The new trend – digital transformation is here. You can hear it everywhere. New “digital processes” enabled by new technologies and tools are replacing old ones. The term transformation refers to a fundamental change to an organization day-to-day business from the type of products to types of services companies are delivering. In order to leverage full potential of new technologies, organization should change in its core behavior and use new digital technologies. It is a big opportunity.
I found interesting that “digital transformation” trend is used to explain why organization should change the way organization is doing business. Navigate to the following Siemens PLM blog article – Digitization vs. Digital Transformation in MedTech. Here is my favorite passage that speaks about digital transformation as a way a comprehensive end-to-end produce lifecycle:
When we talk about “digital transformation,” think of this: Change. Digitization does not really change anything about a process, nor does it create efficiencies. It certainly does not connect the entire product lifecycle in order to gain transformational efficiencies, look at quality from a holistic perspective, nor garner intelligence that can only be achieved by analyzing data across functional disciplines and spanning multiple processes.
Digital transformation is comprehensive, with an enterprise scope. It takes an end-to-end-and-back-again view of product lifecycle, an information loop that connects all the pieces of innovation, quality, and efficiency. Its vision is to gain true intelligence and deliver it to the point of action, where impactful decisions can be made that truly advance the value to the consumer, in a timely and high-quality manner. That means data must be collected in a way that makes it accessible and meaningful, captured at each dimension of the design, engineering, and manufacturing process.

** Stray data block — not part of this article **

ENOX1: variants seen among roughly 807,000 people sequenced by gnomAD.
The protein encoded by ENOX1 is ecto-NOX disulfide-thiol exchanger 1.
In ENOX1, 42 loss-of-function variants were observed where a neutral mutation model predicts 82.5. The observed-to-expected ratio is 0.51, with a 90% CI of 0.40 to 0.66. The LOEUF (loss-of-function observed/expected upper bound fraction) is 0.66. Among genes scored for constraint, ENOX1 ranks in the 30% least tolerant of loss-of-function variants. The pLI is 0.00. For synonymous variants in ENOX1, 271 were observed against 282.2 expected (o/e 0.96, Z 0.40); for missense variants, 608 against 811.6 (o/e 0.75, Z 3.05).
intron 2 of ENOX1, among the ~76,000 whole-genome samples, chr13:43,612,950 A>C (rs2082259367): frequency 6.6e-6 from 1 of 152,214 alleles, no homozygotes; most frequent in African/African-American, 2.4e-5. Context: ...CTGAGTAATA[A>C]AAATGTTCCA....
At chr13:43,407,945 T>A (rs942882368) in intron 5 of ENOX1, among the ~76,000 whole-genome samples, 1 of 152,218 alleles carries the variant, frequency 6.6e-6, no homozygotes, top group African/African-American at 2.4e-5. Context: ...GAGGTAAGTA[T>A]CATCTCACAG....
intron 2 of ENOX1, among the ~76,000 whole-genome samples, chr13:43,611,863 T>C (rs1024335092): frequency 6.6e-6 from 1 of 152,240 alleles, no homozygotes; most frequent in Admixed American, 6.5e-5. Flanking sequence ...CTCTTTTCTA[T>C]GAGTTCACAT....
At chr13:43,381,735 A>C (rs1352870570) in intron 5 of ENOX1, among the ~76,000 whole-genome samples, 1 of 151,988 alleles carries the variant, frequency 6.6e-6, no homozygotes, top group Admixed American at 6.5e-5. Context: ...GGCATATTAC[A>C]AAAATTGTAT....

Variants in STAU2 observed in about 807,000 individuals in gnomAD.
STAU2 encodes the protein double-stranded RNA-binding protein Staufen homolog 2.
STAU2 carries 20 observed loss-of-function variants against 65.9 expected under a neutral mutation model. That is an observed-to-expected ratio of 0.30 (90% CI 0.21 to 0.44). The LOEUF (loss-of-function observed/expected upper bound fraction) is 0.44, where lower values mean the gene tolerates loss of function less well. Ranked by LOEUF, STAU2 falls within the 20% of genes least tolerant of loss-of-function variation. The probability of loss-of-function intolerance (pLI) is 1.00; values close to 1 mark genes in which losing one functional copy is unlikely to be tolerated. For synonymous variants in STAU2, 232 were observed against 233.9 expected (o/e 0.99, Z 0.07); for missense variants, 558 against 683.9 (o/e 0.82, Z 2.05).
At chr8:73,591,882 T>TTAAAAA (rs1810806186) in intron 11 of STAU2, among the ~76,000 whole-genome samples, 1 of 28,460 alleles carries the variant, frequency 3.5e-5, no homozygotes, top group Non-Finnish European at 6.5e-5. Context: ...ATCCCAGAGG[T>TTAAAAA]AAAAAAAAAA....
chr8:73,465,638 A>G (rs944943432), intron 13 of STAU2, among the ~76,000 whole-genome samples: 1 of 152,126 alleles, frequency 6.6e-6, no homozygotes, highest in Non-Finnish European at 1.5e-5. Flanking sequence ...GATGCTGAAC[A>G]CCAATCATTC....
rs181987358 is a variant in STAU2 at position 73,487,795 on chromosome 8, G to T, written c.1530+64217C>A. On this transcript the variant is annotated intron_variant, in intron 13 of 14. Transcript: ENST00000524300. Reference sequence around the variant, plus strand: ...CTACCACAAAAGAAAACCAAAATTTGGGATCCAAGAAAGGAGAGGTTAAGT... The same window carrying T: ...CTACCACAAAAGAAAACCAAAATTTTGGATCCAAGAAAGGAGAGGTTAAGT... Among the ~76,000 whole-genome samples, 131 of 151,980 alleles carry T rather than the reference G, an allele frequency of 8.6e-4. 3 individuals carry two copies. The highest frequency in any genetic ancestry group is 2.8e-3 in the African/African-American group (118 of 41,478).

Collecting and centralizing data, end-to-end product lifecycle, glue intelligence, organizational changes. I felt like I’ve heard all these things in the past. It is usually was a main theme of PLM implementation – change management and business transformation. Few minutes of Google and I found great examples how PLM was making a point for business transformation as part of PLM implementation process.
Jos Voskuil’s blog from 2013 – PLM is journey is a great summary of how PLM was using “business transformation” to explain the need of companies to change.
Why no fast approach for PLM ? For PLM, there is no fast approach as there are so many areas that you can address? Too many jobs – remember my previous post? In addition, the exact meaning of all these jobs is not clear from the start.You have to prepare for a journey. And here is the main challenge. Management will not easily fund your journey as you cannot explain it specific results in comprehensible words to them. Management might be excited by the proposed value of PLM. Who does not need to be more competitive and innovative in the future? This message resonates particularly well among members of the board and shareholders. But when it comes to implementation, there is usually only one cross-disciplines unit that can accomplish this assignment: the IT-department. And here is the crucial mistake discovered time after time where PLM implementations fail. PLM is a business transformation, not an IT-system implementation.
What is my conclusion? Digital era brings new terminology – digital transformation. Very tasteful and nice term. I love it as much as I appreciate the power of new digital technologies developed for the last few years. However, be aware how old organization change management and business transformation is sold under the new name – digital transformation. It doesn’t mean your organization should reject digital transformation. Exactly opposite. Organizations must embrace digital transformation as an opportunity to bring new more efficient technologies and products that can eliminate business transformation with the purpose to adopt old, complex and fragile PLM platforms. Just my thoughts…
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Disclaimer: I’m co-founder and CEO of openBoM developing cloud based bill of materials and inventory management tool for manufacturing companies, hardware startups and supply chain. My opinion can be unintentionally biased.
Picture credit Bryan Mathers